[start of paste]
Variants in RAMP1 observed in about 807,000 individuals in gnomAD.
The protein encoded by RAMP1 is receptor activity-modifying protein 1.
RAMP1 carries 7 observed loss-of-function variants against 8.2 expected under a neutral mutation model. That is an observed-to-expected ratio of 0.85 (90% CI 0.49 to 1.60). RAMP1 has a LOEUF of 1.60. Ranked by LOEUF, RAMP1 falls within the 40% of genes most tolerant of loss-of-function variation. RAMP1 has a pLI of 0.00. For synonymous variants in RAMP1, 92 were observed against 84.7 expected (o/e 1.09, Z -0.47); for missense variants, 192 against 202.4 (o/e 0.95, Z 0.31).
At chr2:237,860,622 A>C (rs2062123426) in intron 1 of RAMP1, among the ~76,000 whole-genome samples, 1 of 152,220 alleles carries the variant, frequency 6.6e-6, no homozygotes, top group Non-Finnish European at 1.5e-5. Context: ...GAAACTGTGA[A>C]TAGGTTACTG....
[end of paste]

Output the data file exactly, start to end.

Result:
Variants in RAMP1 observed in about 807,000 individuals in gnomAD.
The protein encoded by RAMP1 is receptor activity-modifying protein 1.
RAMP1 carries 7 observed loss-of-function variants against 8.2 expected under a neutral mutation model. That is an observed-to-expected ratio of 0.85 (90% CI 0.49 to 1.60). RAMP1 has a LOEUF of 1.60. Ranked by LOEUF, RAMP1 falls within the 40% of genes most tolerant of loss-of-function variation. RAMP1 has a pLI of 0.00. For synonymous variants in RAMP1, 92 were observed against 84.7 expected (o/e 1.09, Z -0.47); for missense variants, 192 against 202.4 (o/e 0.95, Z 0.31).
At chr2:237,860,622 A>C (rs2062123426) in intron 1 of RAMP1, among the ~76,000 whole-genome samples, 1 of 152,220 alleles carries the variant, frequency 6.6e-6, no homozygotes, top group Non-Finnish European at 1.5e-5. Context: ...GAAACTGTGA[A>C]TAGGTTACTG....